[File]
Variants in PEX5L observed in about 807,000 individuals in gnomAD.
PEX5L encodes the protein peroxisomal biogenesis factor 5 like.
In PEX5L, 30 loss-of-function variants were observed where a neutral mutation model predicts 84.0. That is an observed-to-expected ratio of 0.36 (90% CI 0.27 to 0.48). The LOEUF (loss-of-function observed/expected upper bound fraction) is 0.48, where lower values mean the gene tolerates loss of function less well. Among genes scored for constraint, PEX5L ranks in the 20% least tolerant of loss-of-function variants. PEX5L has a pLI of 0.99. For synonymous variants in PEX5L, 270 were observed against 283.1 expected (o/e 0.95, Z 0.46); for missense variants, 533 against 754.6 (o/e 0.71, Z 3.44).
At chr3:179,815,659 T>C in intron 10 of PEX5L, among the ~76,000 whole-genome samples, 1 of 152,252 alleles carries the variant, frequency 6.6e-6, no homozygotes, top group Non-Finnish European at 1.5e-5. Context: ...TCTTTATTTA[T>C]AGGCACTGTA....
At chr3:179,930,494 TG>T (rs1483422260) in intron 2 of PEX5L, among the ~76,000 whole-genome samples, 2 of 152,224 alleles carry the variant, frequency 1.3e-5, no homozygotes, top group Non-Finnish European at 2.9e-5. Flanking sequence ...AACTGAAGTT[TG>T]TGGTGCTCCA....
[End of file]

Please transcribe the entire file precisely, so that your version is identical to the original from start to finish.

Variants in PEX5L observed in about 807,000 individuals in gnomAD.
PEX5L encodes the protein peroxisomal biogenesis factor 5 like.
In PEX5L, 30 loss-of-function variants were observed where a neutral mutation model predicts 84.0. That is an observed-to-expected ratio of 0.36 (90% CI 0.27 to 0.48). The LOEUF (loss-of-function observed/expected upper bound fraction) is 0.48, where lower values mean the gene tolerates loss of function less well. Among genes scored for constraint, PEX5L ranks in the 20% least tolerant of loss-of-function variants. PEX5L has a pLI of 0.99. For synonymous variants in PEX5L, 270 were observed against 283.1 expected (o/e 0.95, Z 0.46); for missense variants, 533 against 754.6 (o/e 0.71, Z 3.44).
At chr3:179,815,659 T>C in intron 10 of PEX5L, among the ~76,000 whole-genome samples, 1 of 152,252 alleles carries the variant, frequency 6.6e-6, no homozygotes, top group Non-Finnish European at 1.5e-5. Context: ...TCTTTATTTA[T>C]AGGCACTGTA....
At chr3:179,930,494 TG>T (rs1483422260) in intron 2 of PEX5L, among the ~76,000 whole-genome samples, 2 of 152,224 alleles carry the variant, frequency 1.3e-5, no homozygotes, top group Non-Finnish European at 2.9e-5. Flanking sequence ...AACTGAAGTT[TG>T]TGGTGCTCCA....